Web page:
One drawback of using this approach is that the cutoff frequency of the filter becomes dependent on the position in the data set. This is because the kernel support is position dependent and the cutoff frequency is weakly dependent on the kernel support. In the case of filtering data for nanotopography, the low frequency cutoff increases by as much as a factor of two. Fortunately, in the nanotopography application, this increased transmission at low frequencies is not as important an issue as extracting the high frequency data.
The adaptive filter could be implemented as a true high pass filter, or by low-pass filtering the flattened data set and then subtracting the low pass filtered data set from the flattened data set input to the adaptive filter.
FIG. 4 illustrates the result of applying an adaptive filter to the unflattened measured data shown in FIG. 1. One can see an improvement over the traditional filter, but the filtered data near the edge is still affected by the discontinuity.
FIG. 5 illustrates the result of applying the two-step process 600 (flattening with 9th order polynomial followed by adaptive filtering) to the measured data shown in FIG. 1. The result clearly shows the desired high frequency detail all the way to the wafer edge. Indeed, flattening the data improves the long wavelength features in the interior of the wafer as well.
The filtering method described herein has clear advantages over traditional filtering methods when the available data do not trend to zero naturally. No windowing of the data is required nor is any assumption about the data trend. All of the available data is used, and no data is fabricated. The disclosed method improves over standard convolution and Fourier techniques in that it handles data near the data boundary optimally without making assumptions about the data itself. All that is required to optimize the filter is the selection of the desired cut off wavelength. With this selection, the order of the polynomial used in the flattening step and the cut off wavelength of the adaptive filter kernel are determined. This filtering method has advantages over the traditional methods because of its improved treatment of the data near the data boundary.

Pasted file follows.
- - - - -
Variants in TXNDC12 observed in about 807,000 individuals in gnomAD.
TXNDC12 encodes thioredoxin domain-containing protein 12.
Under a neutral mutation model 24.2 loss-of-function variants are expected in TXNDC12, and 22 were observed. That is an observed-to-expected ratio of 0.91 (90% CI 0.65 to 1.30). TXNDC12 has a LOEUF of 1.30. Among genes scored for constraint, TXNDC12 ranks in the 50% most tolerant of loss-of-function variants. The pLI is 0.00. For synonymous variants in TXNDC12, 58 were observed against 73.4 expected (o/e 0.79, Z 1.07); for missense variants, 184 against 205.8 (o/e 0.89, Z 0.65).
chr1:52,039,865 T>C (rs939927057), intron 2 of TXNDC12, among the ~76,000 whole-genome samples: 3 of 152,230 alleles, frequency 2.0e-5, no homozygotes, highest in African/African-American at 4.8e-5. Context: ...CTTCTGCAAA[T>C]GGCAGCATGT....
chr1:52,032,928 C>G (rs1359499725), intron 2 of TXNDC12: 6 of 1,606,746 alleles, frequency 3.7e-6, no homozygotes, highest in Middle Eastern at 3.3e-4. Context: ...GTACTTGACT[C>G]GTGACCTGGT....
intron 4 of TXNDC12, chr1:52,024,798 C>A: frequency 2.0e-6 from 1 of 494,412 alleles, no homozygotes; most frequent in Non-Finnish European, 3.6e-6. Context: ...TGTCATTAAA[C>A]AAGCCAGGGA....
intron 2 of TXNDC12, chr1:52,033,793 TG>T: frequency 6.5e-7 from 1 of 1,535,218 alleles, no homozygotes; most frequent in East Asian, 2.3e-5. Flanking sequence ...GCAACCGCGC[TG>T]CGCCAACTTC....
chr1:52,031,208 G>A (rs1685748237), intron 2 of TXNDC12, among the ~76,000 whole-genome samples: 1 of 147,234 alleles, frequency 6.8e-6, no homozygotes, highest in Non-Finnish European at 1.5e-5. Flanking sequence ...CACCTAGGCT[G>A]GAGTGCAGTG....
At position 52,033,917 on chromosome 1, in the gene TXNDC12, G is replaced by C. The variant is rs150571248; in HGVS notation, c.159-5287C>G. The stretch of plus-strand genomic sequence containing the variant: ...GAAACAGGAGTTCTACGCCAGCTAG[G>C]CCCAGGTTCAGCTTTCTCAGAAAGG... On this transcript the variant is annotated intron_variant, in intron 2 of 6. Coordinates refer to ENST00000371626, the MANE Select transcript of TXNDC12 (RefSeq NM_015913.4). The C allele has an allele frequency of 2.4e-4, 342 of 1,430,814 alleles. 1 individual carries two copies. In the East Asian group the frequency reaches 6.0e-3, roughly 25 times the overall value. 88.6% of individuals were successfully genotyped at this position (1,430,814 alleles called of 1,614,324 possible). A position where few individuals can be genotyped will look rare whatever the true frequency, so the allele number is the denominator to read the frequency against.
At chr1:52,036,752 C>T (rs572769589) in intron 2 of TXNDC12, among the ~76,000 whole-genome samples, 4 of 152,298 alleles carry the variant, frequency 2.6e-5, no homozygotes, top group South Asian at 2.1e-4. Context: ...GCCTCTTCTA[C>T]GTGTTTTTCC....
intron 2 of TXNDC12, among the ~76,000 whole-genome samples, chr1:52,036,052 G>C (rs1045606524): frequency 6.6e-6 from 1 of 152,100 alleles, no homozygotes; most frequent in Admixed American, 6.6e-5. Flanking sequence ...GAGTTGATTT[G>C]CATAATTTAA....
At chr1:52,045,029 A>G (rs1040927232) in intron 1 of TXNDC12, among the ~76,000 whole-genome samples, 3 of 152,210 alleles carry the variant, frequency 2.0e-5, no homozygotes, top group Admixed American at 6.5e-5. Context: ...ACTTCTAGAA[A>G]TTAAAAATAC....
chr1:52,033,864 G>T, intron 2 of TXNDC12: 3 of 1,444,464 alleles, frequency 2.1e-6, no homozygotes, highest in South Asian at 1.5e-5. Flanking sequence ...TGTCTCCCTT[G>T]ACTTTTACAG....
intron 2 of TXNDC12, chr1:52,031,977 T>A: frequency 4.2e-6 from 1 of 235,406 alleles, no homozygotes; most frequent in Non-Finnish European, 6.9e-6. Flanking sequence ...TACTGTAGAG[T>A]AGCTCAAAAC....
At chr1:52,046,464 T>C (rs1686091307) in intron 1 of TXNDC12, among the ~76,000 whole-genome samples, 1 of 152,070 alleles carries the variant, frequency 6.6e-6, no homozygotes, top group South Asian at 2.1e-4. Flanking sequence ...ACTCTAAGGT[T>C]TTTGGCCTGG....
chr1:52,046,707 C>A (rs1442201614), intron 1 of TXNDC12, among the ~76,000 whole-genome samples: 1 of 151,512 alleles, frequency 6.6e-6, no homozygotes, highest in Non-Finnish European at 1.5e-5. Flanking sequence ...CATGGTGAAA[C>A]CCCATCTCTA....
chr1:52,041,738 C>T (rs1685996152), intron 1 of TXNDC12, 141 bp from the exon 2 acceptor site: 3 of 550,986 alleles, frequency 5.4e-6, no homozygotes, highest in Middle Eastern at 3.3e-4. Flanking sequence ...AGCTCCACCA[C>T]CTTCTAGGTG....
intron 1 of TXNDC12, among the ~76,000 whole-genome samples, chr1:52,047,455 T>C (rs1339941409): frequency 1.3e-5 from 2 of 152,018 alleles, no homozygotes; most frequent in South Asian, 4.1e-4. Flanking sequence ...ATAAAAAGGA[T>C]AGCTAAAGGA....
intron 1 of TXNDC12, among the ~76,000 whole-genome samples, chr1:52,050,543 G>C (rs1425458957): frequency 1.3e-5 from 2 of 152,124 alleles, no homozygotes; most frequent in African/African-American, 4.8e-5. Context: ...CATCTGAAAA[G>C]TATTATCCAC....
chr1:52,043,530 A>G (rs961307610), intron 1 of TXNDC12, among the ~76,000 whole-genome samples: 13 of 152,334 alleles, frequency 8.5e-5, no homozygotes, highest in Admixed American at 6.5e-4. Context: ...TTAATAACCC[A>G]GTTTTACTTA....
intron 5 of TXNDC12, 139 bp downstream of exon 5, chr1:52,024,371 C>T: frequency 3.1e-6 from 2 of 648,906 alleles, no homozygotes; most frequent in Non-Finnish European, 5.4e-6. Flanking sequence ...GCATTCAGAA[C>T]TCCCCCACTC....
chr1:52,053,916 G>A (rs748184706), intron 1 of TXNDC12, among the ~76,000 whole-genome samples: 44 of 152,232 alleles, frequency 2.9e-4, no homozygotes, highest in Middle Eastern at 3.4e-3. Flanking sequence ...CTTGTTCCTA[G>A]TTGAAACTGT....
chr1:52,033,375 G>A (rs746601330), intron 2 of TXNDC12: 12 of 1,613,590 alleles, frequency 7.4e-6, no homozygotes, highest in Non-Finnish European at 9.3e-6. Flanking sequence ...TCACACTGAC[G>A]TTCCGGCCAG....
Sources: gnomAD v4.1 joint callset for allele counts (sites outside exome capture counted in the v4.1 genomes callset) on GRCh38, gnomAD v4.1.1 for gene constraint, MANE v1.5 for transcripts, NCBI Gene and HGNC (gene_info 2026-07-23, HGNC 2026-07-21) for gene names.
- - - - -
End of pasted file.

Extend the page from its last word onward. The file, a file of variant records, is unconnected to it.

The method described herein takes advantage of increased computational capabilities in today's electronics and rides on the trend toward increased digital signal processing. This technique is obviously applicable to wafer topography and image processing as described above, but also has wide application to analysis of one-dimensional data, e.g., RADAR, coherent LIDAR and audio signals.
While preferred embodiments are disclosed herein, many variations are possible which remain within the concept and scope of the invention. Such variations would become clear to one of ordinary skill in the art after inspection of the specification, drawings and claims herein. The invention therefore is not to be restricted except within the spirit and scope of the appended claims.
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|U.S. Classification||438/16, 708/322, 382/261|
|International Classification||G06T5/00, G06F17/17, G06T5/20, G01N21/00, G06F17/10, G06K9/40, H01L21/66, G06T7/00, G06T5/50|
|Cooperative Classification||G06T7/0004, G06T5/20, G06T2207/30148, G06T2200/04|
|European Classification||G06T5/00D, G06T5/20, G06T7/00B1, G06T5/50|
|Sep 24, 2002||AS||Assignment|
|Jun 29, 2007||AS||Assignment|